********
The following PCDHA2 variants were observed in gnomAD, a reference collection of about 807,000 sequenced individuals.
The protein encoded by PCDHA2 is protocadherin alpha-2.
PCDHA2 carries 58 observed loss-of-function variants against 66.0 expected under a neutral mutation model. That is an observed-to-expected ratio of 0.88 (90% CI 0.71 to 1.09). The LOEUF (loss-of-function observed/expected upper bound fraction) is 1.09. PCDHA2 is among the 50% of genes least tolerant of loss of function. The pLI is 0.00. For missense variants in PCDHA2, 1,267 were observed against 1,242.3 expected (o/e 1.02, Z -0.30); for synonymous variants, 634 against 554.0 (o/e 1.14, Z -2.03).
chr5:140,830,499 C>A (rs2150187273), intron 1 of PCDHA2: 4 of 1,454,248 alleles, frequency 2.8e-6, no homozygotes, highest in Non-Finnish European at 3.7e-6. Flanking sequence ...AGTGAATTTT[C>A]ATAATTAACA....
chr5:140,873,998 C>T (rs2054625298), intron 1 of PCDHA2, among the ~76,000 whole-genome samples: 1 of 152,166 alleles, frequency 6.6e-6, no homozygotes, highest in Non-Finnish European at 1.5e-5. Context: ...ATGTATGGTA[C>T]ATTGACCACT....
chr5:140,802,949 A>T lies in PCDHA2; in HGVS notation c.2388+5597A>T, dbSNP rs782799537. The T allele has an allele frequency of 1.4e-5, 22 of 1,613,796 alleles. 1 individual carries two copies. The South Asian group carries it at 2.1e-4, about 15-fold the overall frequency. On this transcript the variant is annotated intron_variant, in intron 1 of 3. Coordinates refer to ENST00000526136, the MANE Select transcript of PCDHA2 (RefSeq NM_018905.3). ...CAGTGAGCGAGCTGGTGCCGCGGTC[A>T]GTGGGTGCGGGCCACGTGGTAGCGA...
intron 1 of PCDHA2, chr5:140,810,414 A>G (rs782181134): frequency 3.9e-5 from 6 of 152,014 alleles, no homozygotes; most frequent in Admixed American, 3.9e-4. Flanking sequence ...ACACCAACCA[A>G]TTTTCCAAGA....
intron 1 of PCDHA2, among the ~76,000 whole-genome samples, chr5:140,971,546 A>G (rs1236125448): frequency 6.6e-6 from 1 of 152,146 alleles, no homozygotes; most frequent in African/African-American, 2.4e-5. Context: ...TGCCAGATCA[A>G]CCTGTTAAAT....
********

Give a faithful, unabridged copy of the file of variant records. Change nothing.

The following PCDHA2 variants were observed in gnomAD, a reference collection of about 807,000 sequenced individuals.
The protein encoded by PCDHA2 is protocadherin alpha-2.
PCDHA2 carries 58 observed loss-of-function variants against 66.0 expected under a neutral mutation model. That is an observed-to-expected ratio of 0.88 (90% CI 0.71 to 1.09). The LOEUF (loss-of-function observed/expected upper bound fraction) is 1.09. PCDHA2 is among the 50% of genes least tolerant of loss of function. The pLI is 0.00. For missense variants in PCDHA2, 1,267 were observed against 1,242.3 expected (o/e 1.02, Z -0.30); for synonymous variants, 634 against 554.0 (o/e 1.14, Z -2.03).
chr5:140,830,499 C>A (rs2150187273), intron 1 of PCDHA2: 4 of 1,454,248 alleles, frequency 2.8e-6, no homozygotes, highest in Non-Finnish European at 3.7e-6. Flanking sequence ...AGTGAATTTT[C>A]ATAATTAACA....
chr5:140,873,998 C>T (rs2054625298), intron 1 of PCDHA2, among the ~76,000 whole-genome samples: 1 of 152,166 alleles, frequency 6.6e-6, no homozygotes, highest in Non-Finnish European at 1.5e-5. Context: ...ATGTATGGTA[C>T]ATTGACCACT....
chr5:140,802,949 A>T lies in PCDHA2; in HGVS notation c.2388+5597A>T, dbSNP rs782799537. The T allele has an allele frequency of 1.4e-5, 22 of 1,613,796 alleles. 1 individual carries two copies. The South Asian group carries it at 2.1e-4, about 15-fold the overall frequency. On this transcript the variant is annotated intron_variant, in intron 1 of 3. Coordinates refer to ENST00000526136, the MANE Select transcript of PCDHA2 (RefSeq NM_018905.3). ...CAGTGAGCGAGCTGGTGCCGCGGTC[A>T]GTGGGTGCGGGCCACGTGGTAGCGA...
intron 1 of PCDHA2, chr5:140,810,414 A>G (rs782181134): frequency 3.9e-5 from 6 of 152,014 alleles, no homozygotes; most frequent in Admixed American, 3.9e-4. Flanking sequence ...ACACCAACCA[A>G]TTTTCCAAGA....
intron 1 of PCDHA2, among the ~76,000 whole-genome samples, chr5:140,971,546 A>G (rs1236125448): frequency 6.6e-6 from 1 of 152,146 alleles, no homozygotes; most frequent in African/African-American, 2.4e-5. Context: ...TGCCAGATCA[A>G]CCTGTTAAAT....